There was a lot about this episode of 24 that reminded me of the series’ first season. First we had Jack kidnapping his female cohort and pretending to execute her in order to achieve a “greater good,” as determined by the very people that Jack is attempting to stop. The pacing of the season is also a lot steadier. Season six was lauded for starting off with a bang. When the story began, we were already in the midst of a series of terrorist attacks. Within a few episodes, a nuclear bomb went off. While this seemed like a pleasant change of pace at first, it quickly became obvious that they had screwed the proverbial pooch. This season is reminiscent of the show’s glory years, where CTU didn’t have magic abilities where they could instantaneously pull up any information at the click of a mouse. So far, bravo!
Since I already brought it up, I suppose I should bring up the interesting exchanges between Jack, Tony, and Walker. Really fantastic stuff, all around. I loved the various nonverbal communications from Tony and Jack as Walker judged Jack for what she perceived he is doing. While Jack was more or less stoic, Tony showed a lot more (subtle) emotion. So many of the scenes involving Jack and Tony have been speechless, and it’s been phenomenally fun reading into their body language and facial expressions. There is just so much history between them that they really don’t need to speak in order communication, despite this unique situation they find themselves in.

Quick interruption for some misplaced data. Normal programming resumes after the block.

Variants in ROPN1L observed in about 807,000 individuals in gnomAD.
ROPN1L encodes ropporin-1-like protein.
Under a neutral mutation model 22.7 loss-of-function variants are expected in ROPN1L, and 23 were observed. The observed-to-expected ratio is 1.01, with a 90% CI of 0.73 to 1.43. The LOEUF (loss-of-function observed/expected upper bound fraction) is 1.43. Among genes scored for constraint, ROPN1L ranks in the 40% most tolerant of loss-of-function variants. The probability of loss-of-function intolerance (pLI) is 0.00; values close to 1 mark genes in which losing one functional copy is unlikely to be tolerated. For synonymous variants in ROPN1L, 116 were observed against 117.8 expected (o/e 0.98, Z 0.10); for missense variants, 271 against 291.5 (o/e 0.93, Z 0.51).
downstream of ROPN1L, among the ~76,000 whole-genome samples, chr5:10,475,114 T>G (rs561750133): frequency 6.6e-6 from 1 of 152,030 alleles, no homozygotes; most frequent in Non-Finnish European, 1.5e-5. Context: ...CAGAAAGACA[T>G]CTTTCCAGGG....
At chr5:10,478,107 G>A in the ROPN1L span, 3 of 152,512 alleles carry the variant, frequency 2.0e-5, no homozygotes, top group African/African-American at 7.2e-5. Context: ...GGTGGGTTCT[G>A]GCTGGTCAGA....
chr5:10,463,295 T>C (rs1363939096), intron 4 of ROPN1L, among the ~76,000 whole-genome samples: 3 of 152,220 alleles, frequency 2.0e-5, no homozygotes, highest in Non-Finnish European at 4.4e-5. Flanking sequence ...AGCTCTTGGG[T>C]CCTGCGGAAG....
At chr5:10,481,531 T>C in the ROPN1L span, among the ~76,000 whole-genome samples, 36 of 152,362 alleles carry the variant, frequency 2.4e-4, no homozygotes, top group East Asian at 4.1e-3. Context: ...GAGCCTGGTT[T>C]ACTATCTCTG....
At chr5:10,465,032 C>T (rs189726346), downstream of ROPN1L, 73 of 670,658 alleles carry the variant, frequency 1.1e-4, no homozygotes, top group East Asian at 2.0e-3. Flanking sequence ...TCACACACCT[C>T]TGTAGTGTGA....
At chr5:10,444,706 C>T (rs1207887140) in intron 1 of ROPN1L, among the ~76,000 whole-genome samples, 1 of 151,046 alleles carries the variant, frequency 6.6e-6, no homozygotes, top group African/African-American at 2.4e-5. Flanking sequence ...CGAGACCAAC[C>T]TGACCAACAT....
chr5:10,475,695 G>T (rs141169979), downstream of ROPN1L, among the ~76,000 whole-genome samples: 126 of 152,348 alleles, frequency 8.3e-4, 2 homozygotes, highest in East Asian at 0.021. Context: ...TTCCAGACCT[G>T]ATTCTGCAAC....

Oh, and speaking of Jack and Tony, these guys really talk openly about their covert undercover mission, don’t they? They talked about in the basement. Then in the hallway. Then the kitchen.
By the way, while I totally expected Jack to fake the execution, I was pretty surprised he actually shot her (or came close enough so that the bullet would pierce her skin). I also loved how quickly Jack’s expression changed when Emerson told him to bury her.
And what was the deal with the not-so-discrete bright yellow van? Is this an example of hiding in plain sight?
I’m sure there are some people out there who would criticize the Prime Minister’s wife for opening the door, but honestly it was a bit refreshing seeing a “good guy” on television that isn’t completely altruistic and noble.
I know that we were supposed to be suspicious of the Secret Service agent from the beginning, but the President’s husband walking into the apartment building with a coffee cup in his hand was a giant red flag. Am I to believe that he just found out that his son’s suicide wasn’t actually a suicide, but decided to make a quick stop at Starbucks for a cup of Joe before validating that? It really stuck out like a sore thumb. I almost wish that they just had the agent sneak up from behind and inject Taylor with the serum. Sure, it may seem cliche, but it would have made a whole lot of more sense.
Matt Basilo has been writing for Inside Pulse since April 2005, providing his insight into popular television shows such as Lost, Heroes, Prison Break, and Smallville. You can visit his blog at A Case of the Blog.